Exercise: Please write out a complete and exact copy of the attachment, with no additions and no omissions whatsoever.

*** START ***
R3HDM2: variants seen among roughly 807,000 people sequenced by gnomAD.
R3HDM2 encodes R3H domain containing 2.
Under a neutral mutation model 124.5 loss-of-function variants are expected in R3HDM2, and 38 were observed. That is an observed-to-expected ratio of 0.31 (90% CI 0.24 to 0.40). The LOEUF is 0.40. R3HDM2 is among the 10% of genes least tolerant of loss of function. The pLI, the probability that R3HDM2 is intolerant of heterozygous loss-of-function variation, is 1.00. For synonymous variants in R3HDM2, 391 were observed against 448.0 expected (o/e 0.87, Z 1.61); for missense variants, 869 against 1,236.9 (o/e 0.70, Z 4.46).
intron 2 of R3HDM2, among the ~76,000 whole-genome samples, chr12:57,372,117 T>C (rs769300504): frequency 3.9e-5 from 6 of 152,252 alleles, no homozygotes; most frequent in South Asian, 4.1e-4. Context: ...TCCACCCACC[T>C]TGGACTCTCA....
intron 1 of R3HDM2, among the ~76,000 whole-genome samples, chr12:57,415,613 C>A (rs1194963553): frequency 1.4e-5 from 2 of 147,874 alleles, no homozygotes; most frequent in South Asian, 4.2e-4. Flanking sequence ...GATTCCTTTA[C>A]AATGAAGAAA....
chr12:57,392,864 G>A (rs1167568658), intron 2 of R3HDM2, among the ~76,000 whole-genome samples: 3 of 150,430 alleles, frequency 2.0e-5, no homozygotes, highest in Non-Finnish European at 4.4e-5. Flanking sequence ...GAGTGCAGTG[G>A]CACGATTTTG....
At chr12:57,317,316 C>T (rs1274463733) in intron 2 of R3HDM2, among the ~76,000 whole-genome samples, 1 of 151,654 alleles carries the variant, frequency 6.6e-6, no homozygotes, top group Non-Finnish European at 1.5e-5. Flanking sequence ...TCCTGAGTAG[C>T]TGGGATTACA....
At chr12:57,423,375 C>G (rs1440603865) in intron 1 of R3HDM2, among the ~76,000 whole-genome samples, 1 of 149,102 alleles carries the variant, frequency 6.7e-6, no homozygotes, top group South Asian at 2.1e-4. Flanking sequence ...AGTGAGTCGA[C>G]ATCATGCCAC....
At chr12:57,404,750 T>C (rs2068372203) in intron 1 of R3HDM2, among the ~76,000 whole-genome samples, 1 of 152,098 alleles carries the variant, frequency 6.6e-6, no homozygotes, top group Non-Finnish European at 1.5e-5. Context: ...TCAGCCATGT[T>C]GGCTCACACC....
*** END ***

R3HDM2: variants seen among roughly 807,000 people sequenced by gnomAD.
R3HDM2 encodes R3H domain containing 2.
Under a neutral mutation model 124.5 loss-of-function variants are expected in R3HDM2, and 38 were observed. That is an observed-to-expected ratio of 0.31 (90% CI 0.24 to 0.40). The LOEUF is 0.40. R3HDM2 is among the 10% of genes least tolerant of loss of function. The pLI, the probability that R3HDM2 is intolerant of heterozygous loss-of-function variation, is 1.00. For synonymous variants in R3HDM2, 391 were observed against 448.0 expected (o/e 0.87, Z 1.61); for missense variants, 869 against 1,236.9 (o/e 0.70, Z 4.46).
intron 2 of R3HDM2, among the ~76,000 whole-genome samples, chr12:57,372,117 T>C (rs769300504): frequency 3.9e-5 from 6 of 152,252 alleles, no homozygotes; most frequent in South Asian, 4.1e-4. Context: ...TCCACCCACC[T>C]TGGACTCTCA....
intron 1 of R3HDM2, among the ~76,000 whole-genome samples, chr12:57,415,613 C>A (rs1194963553): frequency 1.4e-5 from 2 of 147,874 alleles, no homozygotes; most frequent in South Asian, 4.2e-4. Flanking sequence ...GATTCCTTTA[C>A]AATGAAGAAA....
chr12:57,392,864 G>A (rs1167568658), intron 2 of R3HDM2, among the ~76,000 whole-genome samples: 3 of 150,430 alleles, frequency 2.0e-5, no homozygotes, highest in Non-Finnish European at 4.4e-5. Flanking sequence ...GAGTGCAGTG[G>A]CACGATTTTG....
At chr12:57,317,316 C>T (rs1274463733) in intron 2 of R3HDM2, among the ~76,000 whole-genome samples, 1 of 151,654 alleles carries the variant, frequency 6.6e-6, no homozygotes, top group Non-Finnish European at 1.5e-5. Flanking sequence ...TCCTGAGTAG[C>T]TGGGATTACA....
At chr12:57,423,375 C>G (rs1440603865) in intron 1 of R3HDM2, among the ~76,000 whole-genome samples, 1 of 149,102 alleles carries the variant, frequency 6.7e-6, no homozygotes, top group South Asian at 2.1e-4. Flanking sequence ...AGTGAGTCGA[C>G]ATCATGCCAC....
At chr12:57,404,750 T>C (rs2068372203) in intron 1 of R3HDM2, among the ~76,000 whole-genome samples, 1 of 152,098 alleles carries the variant, frequency 6.6e-6, no homozygotes, top group Non-Finnish European at 1.5e-5. Context: ...TCAGCCATGT[T>C]GGCTCACACC....